Forum for Science, Industry and Business

Sponsored by:     3M 
Search our Site:

 

Social mobility: Study shows bacteria seek each other out

30.07.2003


A study by Princeton University scientists has shown that bacteria actively move around their environments to form social organizations. The researchers placed bacteria in minute mazes and found that they sought each other out using chemical signals.



Biologists have become increasingly aware of social interactions among bacteria, but previously believed that clusters formed only when bacteria randomly landed somewhere, then multiplied into dense populations. The discovery that they actively move into gatherings underscores the importance of bacterial interactions and could eventually lead to new drugs that disrupt the congregating behavior of harmful germs, said Jeffry Stock, a professor of molecular biology and co-author of the paper.

"It makes sense, but it’s surprising that it’s as pervasive as it now seems to be," said Stock.


The researchers observed the gathering behavior in E. coli as well as in V. harveyi, a marine bacteria that glows when it achieves a high-density population. They found that when placed in mazes the bacteria congregated in small rooms and dead-end pathways. Once clustered, the V. harveyi turned on the genes that make them glow.

Biologists had previously believed that bacteria’s ability to move and follow chemical signals - a process called chemotaxis - was primarily a means of dispersing and seeking food. The new study shows that chemotaxis may also be important for facilitating cooperative behavior.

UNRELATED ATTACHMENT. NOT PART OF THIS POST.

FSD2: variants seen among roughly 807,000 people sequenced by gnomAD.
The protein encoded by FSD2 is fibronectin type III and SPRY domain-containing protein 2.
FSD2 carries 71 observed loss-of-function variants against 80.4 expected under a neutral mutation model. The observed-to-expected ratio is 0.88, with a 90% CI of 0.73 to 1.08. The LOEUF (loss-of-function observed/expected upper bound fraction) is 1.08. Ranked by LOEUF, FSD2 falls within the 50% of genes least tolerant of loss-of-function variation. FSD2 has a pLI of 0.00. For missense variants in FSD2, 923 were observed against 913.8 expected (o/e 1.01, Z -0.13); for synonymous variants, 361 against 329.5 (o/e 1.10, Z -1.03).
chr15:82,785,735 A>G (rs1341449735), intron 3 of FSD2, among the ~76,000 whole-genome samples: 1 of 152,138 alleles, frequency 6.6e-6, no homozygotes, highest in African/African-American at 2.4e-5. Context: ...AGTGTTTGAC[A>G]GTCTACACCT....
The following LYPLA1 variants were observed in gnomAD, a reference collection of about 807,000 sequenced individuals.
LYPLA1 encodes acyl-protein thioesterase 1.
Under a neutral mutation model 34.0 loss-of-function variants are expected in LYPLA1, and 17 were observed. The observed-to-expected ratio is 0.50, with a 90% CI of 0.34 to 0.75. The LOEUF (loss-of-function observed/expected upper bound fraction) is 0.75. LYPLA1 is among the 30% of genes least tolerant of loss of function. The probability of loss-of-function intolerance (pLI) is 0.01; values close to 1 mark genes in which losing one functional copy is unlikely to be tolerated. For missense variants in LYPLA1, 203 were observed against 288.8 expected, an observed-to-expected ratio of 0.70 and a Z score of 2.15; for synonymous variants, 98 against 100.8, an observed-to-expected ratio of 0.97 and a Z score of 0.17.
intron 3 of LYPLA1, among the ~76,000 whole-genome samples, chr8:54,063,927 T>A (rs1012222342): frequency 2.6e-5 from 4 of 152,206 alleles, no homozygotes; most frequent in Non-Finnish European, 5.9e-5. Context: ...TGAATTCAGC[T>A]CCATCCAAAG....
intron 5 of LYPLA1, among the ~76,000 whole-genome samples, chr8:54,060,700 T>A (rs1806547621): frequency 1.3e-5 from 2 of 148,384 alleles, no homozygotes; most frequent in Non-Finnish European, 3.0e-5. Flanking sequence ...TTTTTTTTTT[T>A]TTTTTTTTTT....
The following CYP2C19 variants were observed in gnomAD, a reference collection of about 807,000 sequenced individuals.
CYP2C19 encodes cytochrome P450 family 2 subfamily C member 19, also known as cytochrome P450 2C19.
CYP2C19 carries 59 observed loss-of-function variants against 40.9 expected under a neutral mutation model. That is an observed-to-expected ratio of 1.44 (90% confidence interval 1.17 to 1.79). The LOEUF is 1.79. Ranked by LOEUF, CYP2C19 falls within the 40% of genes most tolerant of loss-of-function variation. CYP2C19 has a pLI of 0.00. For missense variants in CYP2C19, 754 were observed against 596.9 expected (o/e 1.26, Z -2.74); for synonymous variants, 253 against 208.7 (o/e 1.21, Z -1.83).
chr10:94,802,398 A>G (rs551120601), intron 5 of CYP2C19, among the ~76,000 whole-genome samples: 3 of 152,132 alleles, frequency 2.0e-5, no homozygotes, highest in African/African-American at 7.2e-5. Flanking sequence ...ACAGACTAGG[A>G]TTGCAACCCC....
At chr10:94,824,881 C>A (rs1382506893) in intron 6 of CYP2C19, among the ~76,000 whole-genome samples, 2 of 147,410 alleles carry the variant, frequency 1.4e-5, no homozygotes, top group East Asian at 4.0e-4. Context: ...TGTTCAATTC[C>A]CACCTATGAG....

The work was a collaboration between Stock’s lab in biology and that of Robert Austin, a professor of physics. Emil Yuzbashyan, a graduate student in Austin’s noticed unusual clumping when he put E. coli into microscopically small mazes made of silicone. Biologists in Stock’s lab supplied mutant strains of bacteria that lacked genes necessary for sensing chemical signals and chemotaxis. They found that bacteria themselves emit a key chemical attractant and that those lacking the gene for the receptor that senses that attractant did not cluster as normal bacteria did.

Disrupting chemotaxis could be a route to attacking biofilms, a common type of bacterial interaction in which they form a colony that is resistant to antibiotic drugs and chemicals, the researchers said. Biofilms pose a common danger to patients receiving medical implants and cause trouble for ships that develop biofilms on their hulls.

Clustering also allows bacteria to perform a coordinated activity called quorum sensing in which they turn on certain genes only when they sense that they are part of a dense population. Some disease-causing bacteria are believed to rely on quorum sensing in mounting a successful infection. The V. harveyi in the experiment glowed as a result of quorum sensing after they gathered into a dense population.

"Our paper points out that you don’t necessarily need growth to achieve quorum sensing," said Peter Wolanin, a postdoctoral researcher in Stock’s lab. "The bacteria can actively seek each other out to engage in collective social behavior."

The behavior observed in the experiment also may have been a survival mechanism, said Sungsu Park, a postdoctoral researcher in Austin’s lab and first author of the paper. The research was conducted with the bacteria in a nutrient-depleted environment that resembles the natural conditions for bacteria much of the time. "The bacteria are chasing amino acids released from their own cell bodies during starvation conditions," said Park. "So by getting close to each other they have a better chance of getting nutrients."

The researchers also have developed a mathematical model that simulates the bacterial congregation, said Park. They plan further research to investigate the relation between bacterial behavior and the size and geometry of their physical environment.

| Princeton University
Further information: